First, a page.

4. Factual Background
The Complainant is the holder of the LEGO trademark and all other trademarks used in connection with the LEGO brands of construction toys and other LEGO branded products (see Annex 6 of the Complaint). The trademark LEGO is among the best-known trademarks in the world, which prominently depicts the LEGO mark on all products, packaging, displays, advertising, and promotional materials.
5. Parties’ Contentions
The Complainant held: The Domain Name is confusingly similar to the Complainant’s trademark LEGO. The Complainant has not found that the Respondent has any registered trademarks or trade names corresponding to the Domain Name. The Complainant has also not found anything that would suggest that the Respondent has been using LEGO in any other way that would give them any legitimate rights in the name. Consequently the Respondent may not claim any rights established by common usage. It is also clear that no license or authorization of any other kind has been given by the Complainant to the Respondent, to use the trademark LEGO.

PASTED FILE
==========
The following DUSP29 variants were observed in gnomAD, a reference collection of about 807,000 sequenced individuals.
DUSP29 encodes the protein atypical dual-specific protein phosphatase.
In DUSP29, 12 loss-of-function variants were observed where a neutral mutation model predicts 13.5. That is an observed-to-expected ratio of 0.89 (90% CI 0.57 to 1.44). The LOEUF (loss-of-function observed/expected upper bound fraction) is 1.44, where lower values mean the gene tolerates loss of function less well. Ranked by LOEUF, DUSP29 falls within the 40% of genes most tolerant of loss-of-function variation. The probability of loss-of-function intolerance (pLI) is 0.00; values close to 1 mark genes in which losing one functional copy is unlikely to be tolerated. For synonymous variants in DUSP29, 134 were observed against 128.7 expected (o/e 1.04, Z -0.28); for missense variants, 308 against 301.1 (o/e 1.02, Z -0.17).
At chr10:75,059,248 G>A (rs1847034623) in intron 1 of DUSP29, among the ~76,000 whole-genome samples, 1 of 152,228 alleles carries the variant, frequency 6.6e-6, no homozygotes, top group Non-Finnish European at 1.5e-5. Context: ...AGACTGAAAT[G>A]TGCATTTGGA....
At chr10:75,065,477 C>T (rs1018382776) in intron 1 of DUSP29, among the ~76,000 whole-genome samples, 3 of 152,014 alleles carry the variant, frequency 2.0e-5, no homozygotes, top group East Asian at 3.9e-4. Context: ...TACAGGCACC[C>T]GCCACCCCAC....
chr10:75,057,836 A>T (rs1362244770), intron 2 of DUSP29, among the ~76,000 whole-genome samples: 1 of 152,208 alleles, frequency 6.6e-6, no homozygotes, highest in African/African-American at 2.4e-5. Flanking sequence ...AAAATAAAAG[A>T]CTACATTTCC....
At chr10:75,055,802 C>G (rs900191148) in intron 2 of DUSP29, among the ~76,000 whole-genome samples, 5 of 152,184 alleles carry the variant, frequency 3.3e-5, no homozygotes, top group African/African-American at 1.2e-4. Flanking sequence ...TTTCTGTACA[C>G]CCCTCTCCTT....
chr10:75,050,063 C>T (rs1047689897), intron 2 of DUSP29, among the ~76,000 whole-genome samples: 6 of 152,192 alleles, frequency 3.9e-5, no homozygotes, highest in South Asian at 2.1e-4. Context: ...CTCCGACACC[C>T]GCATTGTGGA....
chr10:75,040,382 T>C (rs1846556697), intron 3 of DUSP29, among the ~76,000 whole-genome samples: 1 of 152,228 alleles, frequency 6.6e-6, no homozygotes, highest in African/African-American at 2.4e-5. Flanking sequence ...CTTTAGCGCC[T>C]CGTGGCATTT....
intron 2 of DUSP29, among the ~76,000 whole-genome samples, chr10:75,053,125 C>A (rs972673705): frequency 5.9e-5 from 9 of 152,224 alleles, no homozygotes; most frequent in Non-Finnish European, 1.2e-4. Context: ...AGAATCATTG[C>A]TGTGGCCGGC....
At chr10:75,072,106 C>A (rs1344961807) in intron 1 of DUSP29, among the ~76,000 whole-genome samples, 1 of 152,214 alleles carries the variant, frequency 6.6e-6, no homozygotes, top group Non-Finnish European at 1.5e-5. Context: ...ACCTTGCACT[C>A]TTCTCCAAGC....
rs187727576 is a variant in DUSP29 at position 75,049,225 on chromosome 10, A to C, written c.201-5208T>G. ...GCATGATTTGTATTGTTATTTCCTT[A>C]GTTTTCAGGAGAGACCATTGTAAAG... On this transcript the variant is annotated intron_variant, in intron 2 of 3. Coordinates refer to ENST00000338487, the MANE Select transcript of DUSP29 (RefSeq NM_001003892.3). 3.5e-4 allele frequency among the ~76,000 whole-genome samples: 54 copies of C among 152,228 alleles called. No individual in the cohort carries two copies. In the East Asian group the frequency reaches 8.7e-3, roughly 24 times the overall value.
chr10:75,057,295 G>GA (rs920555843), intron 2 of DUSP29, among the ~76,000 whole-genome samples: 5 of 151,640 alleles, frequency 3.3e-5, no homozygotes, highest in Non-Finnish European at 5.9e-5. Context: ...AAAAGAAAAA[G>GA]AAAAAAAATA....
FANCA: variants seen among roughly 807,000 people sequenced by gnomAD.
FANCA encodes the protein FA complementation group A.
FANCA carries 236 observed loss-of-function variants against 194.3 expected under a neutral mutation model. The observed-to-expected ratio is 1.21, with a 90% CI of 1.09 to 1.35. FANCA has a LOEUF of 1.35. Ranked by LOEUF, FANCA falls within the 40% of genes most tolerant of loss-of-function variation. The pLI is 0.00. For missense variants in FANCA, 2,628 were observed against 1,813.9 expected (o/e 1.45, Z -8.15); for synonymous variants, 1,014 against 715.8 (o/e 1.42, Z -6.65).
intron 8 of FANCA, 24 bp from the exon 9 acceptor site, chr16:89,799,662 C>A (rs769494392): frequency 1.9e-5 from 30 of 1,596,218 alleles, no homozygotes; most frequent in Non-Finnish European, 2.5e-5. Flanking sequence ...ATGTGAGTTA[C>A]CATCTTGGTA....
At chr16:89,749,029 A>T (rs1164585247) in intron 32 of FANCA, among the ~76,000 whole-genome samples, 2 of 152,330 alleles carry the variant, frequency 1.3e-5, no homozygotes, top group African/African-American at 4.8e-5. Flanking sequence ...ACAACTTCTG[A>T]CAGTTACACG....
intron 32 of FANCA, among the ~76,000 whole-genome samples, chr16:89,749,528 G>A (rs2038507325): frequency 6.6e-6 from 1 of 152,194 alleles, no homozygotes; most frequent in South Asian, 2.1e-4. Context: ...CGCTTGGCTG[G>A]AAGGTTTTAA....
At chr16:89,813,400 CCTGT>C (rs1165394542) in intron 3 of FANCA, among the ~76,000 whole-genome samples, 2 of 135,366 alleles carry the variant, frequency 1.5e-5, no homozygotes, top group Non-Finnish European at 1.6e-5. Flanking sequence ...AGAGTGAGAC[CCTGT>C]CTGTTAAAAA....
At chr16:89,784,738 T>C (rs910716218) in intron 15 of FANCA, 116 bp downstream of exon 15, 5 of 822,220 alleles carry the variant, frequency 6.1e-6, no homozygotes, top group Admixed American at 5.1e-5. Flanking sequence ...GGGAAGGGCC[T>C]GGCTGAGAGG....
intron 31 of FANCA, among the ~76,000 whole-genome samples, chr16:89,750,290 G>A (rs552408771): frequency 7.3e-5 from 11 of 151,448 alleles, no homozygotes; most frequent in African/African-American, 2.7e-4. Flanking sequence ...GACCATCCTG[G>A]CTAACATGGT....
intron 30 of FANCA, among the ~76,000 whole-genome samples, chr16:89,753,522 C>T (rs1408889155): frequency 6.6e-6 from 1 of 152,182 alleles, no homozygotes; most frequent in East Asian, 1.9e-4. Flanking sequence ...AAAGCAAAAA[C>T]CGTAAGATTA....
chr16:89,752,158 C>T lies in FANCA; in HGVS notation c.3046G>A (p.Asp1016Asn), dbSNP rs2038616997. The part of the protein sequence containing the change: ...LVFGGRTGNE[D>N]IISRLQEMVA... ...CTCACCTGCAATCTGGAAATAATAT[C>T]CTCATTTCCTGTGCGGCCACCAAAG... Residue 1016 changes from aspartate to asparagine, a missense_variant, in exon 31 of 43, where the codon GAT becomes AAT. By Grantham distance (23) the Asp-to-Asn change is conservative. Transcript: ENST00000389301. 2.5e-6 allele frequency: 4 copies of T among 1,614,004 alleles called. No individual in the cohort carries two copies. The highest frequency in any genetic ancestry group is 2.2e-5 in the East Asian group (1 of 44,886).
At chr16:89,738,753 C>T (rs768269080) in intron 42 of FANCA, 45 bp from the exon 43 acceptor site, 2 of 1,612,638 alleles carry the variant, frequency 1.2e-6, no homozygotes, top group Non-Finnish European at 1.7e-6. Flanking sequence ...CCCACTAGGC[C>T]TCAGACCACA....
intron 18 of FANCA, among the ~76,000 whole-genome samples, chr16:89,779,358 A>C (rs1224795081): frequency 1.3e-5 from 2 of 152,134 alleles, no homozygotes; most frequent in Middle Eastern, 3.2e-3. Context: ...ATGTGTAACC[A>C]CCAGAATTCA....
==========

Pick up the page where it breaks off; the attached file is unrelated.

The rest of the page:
The Complainant first tried to contact the Respondent on January 4, 2012 through a cease and desist letter (Annex 12 of the Complaint). In the letter the Complainant advised the registrant that the unauthorized use of the LEGO trademark in the Domain Name violated the rights in the trademark LEGO, owned by the Complainant. The Complainant requested the immediate transfer of the Domain Name and offered compensation for the expenses of registration and renewal fees (not exceeding out of pocket expenses). A reminder was sent on January 20, 2012 and January 27, 2012. The Complainant never heard back from Respondent following the reminders. Since the efforts of trying to solve the matter amicably were unsuccessful, the Complainant chose to file a complaint according to the UDRP process.
The Respondent did not reply to the Complainant’s contentions.
6. Discussion and Findings